Kentville

Discover Kentville, Nova Scotia: A Rich Blend of History and Tourism

The Historical Roots of Kentville, Nova Scotia

Kentville, an incorporated town in Nova Scotia, is the most populous town in the Annapolis Valley. As of 2021, the town's population was 6,630, with a census agglomeration of 26,929. The town owes its location to the Cornwallis River, which downstream from Kentville, becomes a large tidal river at the Minas Basin. The riverbank at the current location of Kentville provided an easy fording point, making the area an important crossroads for other settlements in the Annapolis Valley.

Acadian Settlement in Kentville, Nova Scotia

The area was first settled by Acadians, who built many dykes along the river to keep the high Bay of Fundy tides out of their farmland. These dykes created the ideal fertile soil that the Annapolis Valley is known for. The Acadians were expelled from the area in the Bay of Fundy Campaign (1755) by the British authorities because they would not swear allegiance to the British king. The area was then settled by New England Planters and United Empire Loyalists during the American Revolution.

English Settlement and Growth of Kentville, Nova Scotia

Originally known as Horton's Corner, the town was renamed Kentville in 1826 after Prince Edward Augustus, Duke of Kent. Despite being smaller than other valley towns with better harbours such as Canning and Wolfville, Kentville's crossroads location attracted early shopkeepers and several stagecoach inns. The town developed a reputation for rowdy drinking and horse races in the early 19th century, earning the nickname "The Devil's Half Acre."

Kentville began to thrive when the Windsor and Annapolis Railway (later named Dominion Atlantic Railway) established its headquarters in the town in 1868 and began shipping Annapolis Valley apples to British markets. The railway not only employed a large number of people but also attracted other industries such as mills, dairies, a large foundry, and a carriage works.

Post-War Challenges and Demographics of Kentville, Nova Scotia

Kentville faced serious challenges after World War II. The dominant apple industry suffered severe declines due to the loss of its British export market. The nearby military training base at Camp Aldershot was significantly downsized and the town's major employer, the Dominion Atlantic Railway, suffered serious declines. Despite these challenges, the 2021 Census of Population conducted by Statistics Canada reported a population of 6,630 living in Kentville.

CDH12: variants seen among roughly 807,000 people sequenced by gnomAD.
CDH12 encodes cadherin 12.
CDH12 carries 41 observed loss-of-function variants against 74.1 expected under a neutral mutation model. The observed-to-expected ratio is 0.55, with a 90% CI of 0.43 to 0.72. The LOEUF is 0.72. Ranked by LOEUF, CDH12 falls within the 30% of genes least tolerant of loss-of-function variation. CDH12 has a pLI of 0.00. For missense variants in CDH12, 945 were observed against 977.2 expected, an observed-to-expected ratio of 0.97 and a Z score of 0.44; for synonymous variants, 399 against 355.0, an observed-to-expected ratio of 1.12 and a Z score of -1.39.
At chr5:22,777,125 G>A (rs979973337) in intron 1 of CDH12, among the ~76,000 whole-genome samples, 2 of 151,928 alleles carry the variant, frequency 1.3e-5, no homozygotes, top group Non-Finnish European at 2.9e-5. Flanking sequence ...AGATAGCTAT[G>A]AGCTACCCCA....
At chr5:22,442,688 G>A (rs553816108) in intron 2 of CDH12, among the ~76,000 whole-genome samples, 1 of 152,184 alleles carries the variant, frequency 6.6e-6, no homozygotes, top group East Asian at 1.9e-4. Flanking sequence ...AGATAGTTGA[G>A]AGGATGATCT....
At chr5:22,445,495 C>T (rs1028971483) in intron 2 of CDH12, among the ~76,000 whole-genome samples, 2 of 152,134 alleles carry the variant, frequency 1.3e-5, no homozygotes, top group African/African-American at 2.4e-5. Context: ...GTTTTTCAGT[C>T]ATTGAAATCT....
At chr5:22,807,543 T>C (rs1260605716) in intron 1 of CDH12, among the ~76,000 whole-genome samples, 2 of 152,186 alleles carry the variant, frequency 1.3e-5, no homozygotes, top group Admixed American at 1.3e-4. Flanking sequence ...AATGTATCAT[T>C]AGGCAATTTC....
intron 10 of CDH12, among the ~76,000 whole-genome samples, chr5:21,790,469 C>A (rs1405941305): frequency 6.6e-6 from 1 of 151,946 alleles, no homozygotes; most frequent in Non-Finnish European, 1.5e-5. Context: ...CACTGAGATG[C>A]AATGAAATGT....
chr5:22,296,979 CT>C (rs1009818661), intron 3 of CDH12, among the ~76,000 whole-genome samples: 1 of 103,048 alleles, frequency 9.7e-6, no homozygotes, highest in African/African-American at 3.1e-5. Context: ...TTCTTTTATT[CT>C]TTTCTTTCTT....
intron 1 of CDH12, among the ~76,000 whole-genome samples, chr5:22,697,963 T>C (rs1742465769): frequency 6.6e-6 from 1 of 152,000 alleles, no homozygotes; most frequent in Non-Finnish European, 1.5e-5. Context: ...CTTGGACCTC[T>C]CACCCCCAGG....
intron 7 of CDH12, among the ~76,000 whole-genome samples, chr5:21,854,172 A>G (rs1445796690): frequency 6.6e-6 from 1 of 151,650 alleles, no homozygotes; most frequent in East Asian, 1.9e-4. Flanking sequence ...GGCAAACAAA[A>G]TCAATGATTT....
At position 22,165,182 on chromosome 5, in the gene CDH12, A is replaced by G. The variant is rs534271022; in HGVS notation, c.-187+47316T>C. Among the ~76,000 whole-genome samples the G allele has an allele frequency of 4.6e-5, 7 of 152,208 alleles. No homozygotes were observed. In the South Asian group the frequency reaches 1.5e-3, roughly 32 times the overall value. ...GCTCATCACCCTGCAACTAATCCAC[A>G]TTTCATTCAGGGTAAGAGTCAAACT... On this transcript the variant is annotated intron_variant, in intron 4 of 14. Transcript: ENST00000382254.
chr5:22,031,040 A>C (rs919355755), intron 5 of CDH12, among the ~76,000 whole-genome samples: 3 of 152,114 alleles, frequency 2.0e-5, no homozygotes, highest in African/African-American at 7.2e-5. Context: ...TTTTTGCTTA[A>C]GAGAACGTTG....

Industries and Economic Activities in Kentville, Nova Scotia

Despite the post-war loss of commerce to other valley communities, Kentville remains the professional centre of the Annapolis Valley. The town is home to numerous professional services such as lawyers offices, doctors, and investment firms. Agriculture, especially fruit crops such as apples, remain a prominent industry in the Kentville area. The town is also home to one of the largest agricultural research facilities in Nova Scotia, known to the locals as The Research Station.

Community Events and Climate in Kentville, Nova Scotia

Kentville is known for its Apple Blossom Festival, founded in 1933 to celebrate the blossoming of the local apple industry. Other annual festivals and events hosted in Kentville include the Pumpkin People Festival, Devil's Half Acre Motorcycle Rally, Open Street Chalk Art Festival, Kentville Multicultural Festival, Kentville Harvest Festival, and KBC's Great Big Country Fair. The town experiences a humid continental climate, with the highest temperature ever recorded being 37.8 °C (100 °F) on 12 August 1944 and the coldest temperature ever recorded being −31.1 °C (−24 °F) on 1 February 1920.

Recreation and Sister Cities of Kentville, Nova Scotia

Kentville boasts a number of high-quality recreational facilities, including the Kentville Centennial Arena, a large indoor soccer arena, numerous outdoor baseball and soccer fields, and playgrounds for local children. The town also has two sister cities: Camrose, Alberta, Canada, and Castel di Sangro, Abruzzo, Italy.

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